SHMM (aka Sam Houston Republic of Texas Presidential Library)

The Sam Houston Memorial Museum has always been a special place, and that is one reason why the LEAP Ambassadors enjoy volunteering there. Not only does it help educate citizens on the life and times of Texas’s greatest hero, but it also offers wonderful hands-on demonstrations, intriguing art exhibits, and beautiful grounds, highlighted by the ever-popular duck pond. But now it has even more to offer: today marked the official opening of the Sam Houston Memorial Museum as an the official Sam Houston Republic of Texas Presidential Library.

Our job was to greet and direct people, and it’s a role we greatly enjoyed. We saw County Commissioners, former Mayors, former Regents, the University President (and a former President), SHSU Deans and Vice Presidents, members of the Alabama-Coushatta Tribe, descendants of Sam Houston, and many other community and University leaders.

Members of the Alabama-Coushatta Tribe with Houston’s Descendants (and a little Astros Pride!)

Volunteering is as educational as it is fulfilling.

Emcee of today’s event was the Museum’s former director, Mac Woodward.

Throughout the event, he highlighted important information, described the timeline for the evolution of the Museum as a Republic of Texas Presidential Library, and introduced key speakers, of which there were many!

First up was President White who, as Woodward noted, was probably the only person who has been the President of two Universities named for Tennessee Governors (Austin Peay in Tennessee and, of course, SHSU). President White’s comments were short, sweet, and eloquent, reminding us Sam Houston’s example to today’s leaders and today’s students.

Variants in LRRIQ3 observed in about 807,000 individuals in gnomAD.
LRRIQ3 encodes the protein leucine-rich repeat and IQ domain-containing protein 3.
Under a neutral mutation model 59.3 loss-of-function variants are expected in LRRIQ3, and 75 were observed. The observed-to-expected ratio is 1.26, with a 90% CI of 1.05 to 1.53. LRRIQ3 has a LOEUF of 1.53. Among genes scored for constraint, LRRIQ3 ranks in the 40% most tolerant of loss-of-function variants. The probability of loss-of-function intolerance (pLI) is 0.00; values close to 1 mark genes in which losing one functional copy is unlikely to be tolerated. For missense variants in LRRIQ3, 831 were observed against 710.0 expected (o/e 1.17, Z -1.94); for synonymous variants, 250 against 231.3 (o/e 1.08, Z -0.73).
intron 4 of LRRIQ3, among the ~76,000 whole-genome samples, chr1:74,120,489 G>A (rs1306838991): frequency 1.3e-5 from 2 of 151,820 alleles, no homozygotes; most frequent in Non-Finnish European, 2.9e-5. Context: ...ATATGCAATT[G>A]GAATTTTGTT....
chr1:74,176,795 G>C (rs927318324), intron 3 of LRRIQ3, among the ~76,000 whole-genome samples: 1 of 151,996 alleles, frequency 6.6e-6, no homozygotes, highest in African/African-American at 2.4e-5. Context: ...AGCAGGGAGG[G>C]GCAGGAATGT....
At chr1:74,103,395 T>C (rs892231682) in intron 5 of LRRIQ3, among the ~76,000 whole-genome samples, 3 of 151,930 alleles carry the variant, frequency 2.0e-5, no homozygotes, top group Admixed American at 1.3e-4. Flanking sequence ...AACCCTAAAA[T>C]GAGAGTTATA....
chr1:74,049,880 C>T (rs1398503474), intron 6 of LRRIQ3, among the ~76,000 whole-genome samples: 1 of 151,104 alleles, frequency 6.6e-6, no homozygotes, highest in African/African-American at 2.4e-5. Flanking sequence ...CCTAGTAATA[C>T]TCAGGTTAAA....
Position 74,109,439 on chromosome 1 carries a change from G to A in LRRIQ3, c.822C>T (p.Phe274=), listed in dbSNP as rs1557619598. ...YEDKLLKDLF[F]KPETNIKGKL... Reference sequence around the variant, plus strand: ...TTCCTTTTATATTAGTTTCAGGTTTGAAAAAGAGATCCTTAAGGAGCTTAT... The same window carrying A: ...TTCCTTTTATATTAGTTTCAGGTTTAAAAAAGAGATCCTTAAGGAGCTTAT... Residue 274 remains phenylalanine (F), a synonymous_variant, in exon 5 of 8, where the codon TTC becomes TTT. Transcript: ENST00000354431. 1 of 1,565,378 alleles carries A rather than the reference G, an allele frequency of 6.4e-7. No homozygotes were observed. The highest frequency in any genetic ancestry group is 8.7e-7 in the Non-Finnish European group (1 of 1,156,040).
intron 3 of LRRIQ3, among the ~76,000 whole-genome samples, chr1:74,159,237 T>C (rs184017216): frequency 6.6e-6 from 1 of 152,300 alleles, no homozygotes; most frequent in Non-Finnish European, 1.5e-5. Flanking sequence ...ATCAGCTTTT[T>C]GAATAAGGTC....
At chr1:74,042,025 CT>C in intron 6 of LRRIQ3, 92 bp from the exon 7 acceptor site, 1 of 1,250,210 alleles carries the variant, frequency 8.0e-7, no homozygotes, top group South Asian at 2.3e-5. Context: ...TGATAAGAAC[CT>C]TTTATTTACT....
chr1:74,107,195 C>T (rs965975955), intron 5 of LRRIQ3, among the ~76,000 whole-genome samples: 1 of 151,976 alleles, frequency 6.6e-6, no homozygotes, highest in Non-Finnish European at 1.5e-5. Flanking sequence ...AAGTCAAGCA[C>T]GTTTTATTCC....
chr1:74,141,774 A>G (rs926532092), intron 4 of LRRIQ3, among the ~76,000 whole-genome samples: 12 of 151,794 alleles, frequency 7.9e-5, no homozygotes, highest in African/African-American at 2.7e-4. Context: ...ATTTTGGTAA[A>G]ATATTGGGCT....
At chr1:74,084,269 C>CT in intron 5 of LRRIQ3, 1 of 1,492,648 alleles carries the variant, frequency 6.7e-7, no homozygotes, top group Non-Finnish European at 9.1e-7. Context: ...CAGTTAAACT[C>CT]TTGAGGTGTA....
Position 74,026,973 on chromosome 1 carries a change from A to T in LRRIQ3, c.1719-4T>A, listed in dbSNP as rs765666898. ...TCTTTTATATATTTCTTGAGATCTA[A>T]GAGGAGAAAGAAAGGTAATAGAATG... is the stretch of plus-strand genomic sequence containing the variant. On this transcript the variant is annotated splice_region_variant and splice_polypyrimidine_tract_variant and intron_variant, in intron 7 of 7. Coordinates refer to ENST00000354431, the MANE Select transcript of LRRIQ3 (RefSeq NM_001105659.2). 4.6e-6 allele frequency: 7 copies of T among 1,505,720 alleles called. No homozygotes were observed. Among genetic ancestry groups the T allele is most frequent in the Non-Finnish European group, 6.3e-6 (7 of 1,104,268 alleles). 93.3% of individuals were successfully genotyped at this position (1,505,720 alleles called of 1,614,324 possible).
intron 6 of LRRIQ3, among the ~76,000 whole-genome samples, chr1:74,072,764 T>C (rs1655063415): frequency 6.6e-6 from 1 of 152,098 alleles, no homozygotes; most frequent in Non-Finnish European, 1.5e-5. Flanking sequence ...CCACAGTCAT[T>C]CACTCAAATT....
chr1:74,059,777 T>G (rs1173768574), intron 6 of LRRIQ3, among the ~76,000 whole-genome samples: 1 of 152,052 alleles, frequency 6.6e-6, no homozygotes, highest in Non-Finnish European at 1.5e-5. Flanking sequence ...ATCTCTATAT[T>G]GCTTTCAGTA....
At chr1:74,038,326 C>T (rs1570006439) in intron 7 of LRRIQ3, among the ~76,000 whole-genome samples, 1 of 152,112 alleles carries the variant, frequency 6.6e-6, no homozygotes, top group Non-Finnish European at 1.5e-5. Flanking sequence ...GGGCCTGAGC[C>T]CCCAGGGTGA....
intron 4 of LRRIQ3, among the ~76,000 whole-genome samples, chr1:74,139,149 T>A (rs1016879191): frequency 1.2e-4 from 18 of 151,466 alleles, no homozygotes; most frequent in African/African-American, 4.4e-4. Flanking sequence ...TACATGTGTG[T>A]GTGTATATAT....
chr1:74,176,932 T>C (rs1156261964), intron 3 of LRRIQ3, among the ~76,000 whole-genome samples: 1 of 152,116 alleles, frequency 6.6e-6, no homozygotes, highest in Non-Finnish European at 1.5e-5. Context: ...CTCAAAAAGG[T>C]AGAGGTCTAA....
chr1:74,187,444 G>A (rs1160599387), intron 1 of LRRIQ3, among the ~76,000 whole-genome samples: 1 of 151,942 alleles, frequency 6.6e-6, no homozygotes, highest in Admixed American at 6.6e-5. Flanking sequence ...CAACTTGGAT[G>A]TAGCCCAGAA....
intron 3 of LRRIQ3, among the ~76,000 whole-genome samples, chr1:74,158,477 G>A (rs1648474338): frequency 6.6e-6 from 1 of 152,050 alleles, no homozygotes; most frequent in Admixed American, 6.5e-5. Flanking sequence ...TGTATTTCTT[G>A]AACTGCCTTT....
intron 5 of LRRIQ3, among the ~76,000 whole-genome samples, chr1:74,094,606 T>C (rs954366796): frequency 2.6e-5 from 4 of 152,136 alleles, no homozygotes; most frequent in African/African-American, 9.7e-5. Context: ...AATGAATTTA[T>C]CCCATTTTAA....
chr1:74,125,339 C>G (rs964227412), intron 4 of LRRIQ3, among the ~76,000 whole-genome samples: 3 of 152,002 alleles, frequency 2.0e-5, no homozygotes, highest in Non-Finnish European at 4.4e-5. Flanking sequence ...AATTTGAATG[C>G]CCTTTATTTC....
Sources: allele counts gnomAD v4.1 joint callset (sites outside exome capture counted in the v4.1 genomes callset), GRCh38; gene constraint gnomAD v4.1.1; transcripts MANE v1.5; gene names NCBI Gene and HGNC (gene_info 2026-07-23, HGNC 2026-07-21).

James Haley, author of the definitive work on Sam Houston, also spoke and delivered lively and entertaining comments about the Texas leader.

Most important, he spoke to why Sam Houston is historically important and relevant to today’s world and, in fact, the future.

Haley was humorous and insightful, offering a glimpse into why his books are also intriguing and educational.

Curator of Education, Mikey Sproat, discussed the various manners in which the Library would highlight these collections, noting that a large emphasis would be on digital availability, providing world-wide access to the Library’s holdings.

Closing out the speaking portion of the event was Derrick Birdsall, newly appointed as the Museum’s Director.

Birdsall was brief, highlighting Houston’s status as a hero–not as a perfect man, but a hero nonetheless–and encouraging all guests and visitors to enjoy the Museum and its multi-faceted offerings.